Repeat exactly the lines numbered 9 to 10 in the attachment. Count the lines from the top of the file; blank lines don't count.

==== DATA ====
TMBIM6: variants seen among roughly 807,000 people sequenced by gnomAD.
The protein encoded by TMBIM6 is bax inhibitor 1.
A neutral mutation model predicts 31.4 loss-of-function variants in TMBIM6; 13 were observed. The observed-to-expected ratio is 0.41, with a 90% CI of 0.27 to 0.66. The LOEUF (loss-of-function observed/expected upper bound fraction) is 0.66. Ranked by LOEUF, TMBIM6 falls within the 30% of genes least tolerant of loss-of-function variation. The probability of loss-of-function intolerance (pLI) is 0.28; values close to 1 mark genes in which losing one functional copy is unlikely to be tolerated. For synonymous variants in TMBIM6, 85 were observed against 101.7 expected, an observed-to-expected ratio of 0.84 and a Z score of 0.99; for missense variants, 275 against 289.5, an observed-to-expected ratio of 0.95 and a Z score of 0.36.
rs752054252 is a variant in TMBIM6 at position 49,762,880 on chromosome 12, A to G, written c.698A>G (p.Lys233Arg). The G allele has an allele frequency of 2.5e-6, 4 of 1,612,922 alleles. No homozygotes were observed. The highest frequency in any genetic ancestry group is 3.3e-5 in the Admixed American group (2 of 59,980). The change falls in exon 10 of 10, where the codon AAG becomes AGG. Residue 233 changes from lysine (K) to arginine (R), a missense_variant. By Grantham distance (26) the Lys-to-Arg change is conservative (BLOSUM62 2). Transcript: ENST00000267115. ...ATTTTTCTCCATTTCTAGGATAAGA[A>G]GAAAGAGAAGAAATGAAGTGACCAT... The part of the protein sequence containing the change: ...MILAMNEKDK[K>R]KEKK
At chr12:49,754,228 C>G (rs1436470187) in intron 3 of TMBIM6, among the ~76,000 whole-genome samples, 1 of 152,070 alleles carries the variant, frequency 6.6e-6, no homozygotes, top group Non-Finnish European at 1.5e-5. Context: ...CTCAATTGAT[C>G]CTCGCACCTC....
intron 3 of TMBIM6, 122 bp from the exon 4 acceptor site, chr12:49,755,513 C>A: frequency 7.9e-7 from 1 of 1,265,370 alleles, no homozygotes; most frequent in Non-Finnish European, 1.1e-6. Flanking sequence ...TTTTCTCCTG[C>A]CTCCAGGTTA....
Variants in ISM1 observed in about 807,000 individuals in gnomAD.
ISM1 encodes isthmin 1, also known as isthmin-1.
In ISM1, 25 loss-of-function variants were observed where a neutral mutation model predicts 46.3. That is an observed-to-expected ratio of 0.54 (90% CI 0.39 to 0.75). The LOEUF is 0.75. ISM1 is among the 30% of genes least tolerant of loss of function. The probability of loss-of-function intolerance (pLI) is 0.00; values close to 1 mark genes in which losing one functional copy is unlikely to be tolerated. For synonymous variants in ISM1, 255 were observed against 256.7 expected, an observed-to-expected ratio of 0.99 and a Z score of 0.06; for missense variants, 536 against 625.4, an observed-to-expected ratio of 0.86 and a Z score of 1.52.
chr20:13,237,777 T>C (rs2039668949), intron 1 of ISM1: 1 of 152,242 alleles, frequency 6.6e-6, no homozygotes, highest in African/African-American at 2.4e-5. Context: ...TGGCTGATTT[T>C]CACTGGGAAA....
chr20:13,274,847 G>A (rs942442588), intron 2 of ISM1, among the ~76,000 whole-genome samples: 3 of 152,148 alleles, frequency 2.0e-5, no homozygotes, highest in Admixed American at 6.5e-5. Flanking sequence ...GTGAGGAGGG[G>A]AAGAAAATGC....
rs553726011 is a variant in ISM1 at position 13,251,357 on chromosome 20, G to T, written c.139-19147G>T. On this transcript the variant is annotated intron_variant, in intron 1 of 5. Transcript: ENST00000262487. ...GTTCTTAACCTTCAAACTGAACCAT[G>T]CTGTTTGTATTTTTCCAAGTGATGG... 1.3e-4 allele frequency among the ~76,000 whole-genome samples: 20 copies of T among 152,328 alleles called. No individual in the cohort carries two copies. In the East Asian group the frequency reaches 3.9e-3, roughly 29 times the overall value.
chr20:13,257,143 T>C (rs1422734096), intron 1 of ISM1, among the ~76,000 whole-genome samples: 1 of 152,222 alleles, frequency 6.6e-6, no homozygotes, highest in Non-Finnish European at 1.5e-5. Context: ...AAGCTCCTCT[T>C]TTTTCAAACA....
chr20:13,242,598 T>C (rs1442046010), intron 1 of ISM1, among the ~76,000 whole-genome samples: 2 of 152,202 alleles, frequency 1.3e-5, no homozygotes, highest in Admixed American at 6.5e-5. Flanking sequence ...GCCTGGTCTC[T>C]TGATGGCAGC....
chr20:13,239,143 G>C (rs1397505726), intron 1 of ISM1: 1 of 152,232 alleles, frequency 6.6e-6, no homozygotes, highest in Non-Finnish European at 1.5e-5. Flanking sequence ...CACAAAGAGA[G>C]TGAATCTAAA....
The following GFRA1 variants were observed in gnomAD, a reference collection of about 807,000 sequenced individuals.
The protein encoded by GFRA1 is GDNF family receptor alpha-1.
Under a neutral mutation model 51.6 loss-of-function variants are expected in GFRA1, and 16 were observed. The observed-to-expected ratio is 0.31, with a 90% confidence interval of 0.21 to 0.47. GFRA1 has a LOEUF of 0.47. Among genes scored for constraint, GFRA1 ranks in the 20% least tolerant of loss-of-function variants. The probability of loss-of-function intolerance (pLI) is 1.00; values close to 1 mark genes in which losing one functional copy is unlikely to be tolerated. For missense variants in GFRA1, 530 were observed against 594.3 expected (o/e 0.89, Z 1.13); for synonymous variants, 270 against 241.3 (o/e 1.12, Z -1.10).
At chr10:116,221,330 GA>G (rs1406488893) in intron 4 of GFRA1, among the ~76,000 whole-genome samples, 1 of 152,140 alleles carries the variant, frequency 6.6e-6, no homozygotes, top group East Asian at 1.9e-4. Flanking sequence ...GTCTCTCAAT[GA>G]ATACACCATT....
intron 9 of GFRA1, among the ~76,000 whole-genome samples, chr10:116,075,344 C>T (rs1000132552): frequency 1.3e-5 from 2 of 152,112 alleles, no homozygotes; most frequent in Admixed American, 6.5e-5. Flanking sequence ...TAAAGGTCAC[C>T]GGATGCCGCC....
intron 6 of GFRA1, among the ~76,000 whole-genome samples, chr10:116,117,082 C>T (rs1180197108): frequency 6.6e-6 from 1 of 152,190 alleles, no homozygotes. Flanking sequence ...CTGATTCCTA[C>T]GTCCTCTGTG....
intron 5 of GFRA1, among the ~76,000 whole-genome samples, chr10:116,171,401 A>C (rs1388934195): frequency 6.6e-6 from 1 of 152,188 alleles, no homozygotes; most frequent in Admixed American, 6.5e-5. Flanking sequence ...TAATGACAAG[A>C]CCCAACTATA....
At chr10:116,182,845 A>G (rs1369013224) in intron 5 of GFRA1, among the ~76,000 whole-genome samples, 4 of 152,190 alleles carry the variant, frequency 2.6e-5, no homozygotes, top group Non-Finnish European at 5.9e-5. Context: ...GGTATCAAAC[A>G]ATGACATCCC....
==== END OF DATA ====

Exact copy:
In ISM1, 25 loss-of-function variants were observed where a neutral mutation model predicts 46.3. That is an observed-to-expected ratio of 0.54 (90% CI 0.39 to 0.75). The LOEUF is 0.75. ISM1 is among the 30% of genes least tolerant of loss of function. The probability of loss-of-function intolerance (pLI) is 0.00; values close to 1 mark genes in which losing one functional copy is unlikely to be tolerated. For synonymous variants in ISM1, 255 were observed against 256.7 expected, an observed-to-expected ratio of 0.99 and a Z score of 0.06; for missense variants, 536 against 625.4, an observed-to-expected ratio of 0.86 and a Z score of 1.52.
chr20:13,237,777 T>C (rs2039668949), intron 1 of ISM1: 1 of 152,242 alleles, frequency 6.6e-6, no homozygotes, highest in African/African-American at 2.4e-5. Context: ...TGGCTGATTT[T>C]CACTGGGAAA....